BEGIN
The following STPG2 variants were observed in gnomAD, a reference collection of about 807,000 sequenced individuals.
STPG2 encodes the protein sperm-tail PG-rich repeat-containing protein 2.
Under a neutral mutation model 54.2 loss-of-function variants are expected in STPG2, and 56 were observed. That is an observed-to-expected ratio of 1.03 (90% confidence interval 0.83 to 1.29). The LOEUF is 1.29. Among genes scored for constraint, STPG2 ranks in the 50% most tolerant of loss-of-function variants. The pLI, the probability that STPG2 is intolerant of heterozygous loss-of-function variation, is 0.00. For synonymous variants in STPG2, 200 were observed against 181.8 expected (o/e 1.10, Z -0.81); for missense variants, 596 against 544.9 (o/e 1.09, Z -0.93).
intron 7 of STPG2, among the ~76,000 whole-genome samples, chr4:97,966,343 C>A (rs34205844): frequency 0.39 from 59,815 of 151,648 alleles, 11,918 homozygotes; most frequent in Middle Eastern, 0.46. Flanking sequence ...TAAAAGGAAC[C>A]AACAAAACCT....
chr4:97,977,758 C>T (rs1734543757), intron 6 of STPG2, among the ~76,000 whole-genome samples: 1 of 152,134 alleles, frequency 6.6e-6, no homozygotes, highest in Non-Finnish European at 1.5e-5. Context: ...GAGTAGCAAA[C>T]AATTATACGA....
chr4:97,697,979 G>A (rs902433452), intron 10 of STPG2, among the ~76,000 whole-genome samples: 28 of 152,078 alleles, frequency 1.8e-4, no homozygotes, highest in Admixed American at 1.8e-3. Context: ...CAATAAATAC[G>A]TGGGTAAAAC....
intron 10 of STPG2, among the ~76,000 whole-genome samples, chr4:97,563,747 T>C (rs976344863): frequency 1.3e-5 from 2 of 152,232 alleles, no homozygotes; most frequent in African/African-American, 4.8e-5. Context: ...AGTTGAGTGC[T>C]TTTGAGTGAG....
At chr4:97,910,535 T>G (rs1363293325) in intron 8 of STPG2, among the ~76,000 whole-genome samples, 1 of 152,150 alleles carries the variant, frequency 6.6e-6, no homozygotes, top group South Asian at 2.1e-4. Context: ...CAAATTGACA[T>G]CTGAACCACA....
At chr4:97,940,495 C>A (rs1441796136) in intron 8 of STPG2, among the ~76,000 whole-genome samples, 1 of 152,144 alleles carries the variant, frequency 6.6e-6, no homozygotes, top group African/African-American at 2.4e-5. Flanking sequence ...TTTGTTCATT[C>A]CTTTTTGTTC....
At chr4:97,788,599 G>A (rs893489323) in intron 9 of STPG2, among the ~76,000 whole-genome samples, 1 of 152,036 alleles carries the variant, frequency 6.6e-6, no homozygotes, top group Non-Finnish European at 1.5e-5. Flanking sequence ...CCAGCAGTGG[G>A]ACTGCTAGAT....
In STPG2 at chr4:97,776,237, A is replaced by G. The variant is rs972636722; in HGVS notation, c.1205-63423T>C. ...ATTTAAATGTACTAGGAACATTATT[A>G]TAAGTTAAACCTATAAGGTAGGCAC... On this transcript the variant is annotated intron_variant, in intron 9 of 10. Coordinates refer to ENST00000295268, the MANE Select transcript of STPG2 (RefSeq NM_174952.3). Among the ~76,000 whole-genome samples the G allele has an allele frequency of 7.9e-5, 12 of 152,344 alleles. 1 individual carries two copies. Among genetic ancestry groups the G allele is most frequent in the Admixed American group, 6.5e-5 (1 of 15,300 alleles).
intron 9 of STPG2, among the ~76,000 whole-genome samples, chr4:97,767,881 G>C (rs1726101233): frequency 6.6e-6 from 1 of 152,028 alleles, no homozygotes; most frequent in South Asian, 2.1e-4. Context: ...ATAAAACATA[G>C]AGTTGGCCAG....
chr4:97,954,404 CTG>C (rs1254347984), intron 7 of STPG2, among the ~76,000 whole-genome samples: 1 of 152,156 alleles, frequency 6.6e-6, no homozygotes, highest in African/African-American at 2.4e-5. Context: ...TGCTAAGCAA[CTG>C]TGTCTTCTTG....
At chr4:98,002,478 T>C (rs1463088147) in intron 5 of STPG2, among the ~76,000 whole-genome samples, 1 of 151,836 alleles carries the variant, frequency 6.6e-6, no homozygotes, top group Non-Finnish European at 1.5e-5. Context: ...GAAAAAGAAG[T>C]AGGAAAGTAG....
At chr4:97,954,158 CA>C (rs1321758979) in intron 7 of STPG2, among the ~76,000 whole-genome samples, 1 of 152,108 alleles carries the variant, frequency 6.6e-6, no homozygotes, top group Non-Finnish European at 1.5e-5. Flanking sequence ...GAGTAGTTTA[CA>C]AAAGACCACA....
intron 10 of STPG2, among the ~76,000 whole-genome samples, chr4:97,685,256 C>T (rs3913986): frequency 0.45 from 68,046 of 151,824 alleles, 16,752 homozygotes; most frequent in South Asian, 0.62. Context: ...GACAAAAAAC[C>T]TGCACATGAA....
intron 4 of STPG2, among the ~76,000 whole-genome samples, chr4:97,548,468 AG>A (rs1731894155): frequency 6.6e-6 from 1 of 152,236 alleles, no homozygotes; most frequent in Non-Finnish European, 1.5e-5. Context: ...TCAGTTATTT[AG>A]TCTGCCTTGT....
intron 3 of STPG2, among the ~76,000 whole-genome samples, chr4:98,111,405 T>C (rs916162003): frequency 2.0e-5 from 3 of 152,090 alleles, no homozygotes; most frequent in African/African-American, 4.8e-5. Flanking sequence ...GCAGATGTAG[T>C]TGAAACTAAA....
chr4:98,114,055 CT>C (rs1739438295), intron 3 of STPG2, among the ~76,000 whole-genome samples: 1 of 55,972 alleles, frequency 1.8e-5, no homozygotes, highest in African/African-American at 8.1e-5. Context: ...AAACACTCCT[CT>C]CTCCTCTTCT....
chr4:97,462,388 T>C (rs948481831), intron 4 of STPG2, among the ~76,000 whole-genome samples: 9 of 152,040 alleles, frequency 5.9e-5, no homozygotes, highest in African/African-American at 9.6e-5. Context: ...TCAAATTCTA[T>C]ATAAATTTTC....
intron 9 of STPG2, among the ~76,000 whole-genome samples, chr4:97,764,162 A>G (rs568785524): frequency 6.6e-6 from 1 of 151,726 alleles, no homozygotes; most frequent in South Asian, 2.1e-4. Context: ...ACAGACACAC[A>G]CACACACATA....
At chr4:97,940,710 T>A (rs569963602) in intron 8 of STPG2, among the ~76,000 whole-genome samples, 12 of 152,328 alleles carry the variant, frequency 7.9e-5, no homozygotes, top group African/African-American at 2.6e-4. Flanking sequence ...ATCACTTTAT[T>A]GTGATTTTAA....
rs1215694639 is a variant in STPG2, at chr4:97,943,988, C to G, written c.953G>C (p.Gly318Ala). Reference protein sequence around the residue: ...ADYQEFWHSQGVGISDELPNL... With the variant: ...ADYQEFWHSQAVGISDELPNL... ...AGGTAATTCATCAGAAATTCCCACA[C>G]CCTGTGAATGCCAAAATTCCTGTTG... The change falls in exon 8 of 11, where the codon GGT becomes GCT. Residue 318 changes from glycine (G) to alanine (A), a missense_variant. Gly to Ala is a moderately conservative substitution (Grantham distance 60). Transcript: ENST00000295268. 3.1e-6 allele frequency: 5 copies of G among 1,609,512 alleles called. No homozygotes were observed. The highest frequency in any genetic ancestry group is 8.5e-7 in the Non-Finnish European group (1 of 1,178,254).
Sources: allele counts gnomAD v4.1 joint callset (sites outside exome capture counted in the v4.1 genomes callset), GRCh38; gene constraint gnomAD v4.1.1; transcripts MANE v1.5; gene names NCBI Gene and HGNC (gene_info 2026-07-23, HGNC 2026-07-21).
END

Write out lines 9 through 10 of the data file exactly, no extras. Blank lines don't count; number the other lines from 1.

At chr4:97,940,495 C>A (rs1441796136) in intron 8 of STPG2, among the ~76,000 whole-genome samples, 1 of 152,144 alleles carries the variant, frequency 6.6e-6, no homozygotes, top group African/African-American at 2.4e-5. Flanking sequence ...TTTGTTCATT[C>A]CTTTTTGTTC....
At chr4:97,788,599 G>A (rs893489323) in intron 9 of STPG2, among the ~76,000 whole-genome samples, 1 of 152,036 alleles carries the variant, frequency 6.6e-6, no homozygotes, top group Non-Finnish European at 1.5e-5. Flanking sequence ...CCAGCAGTGG[G>A]ACTGCTAGAT....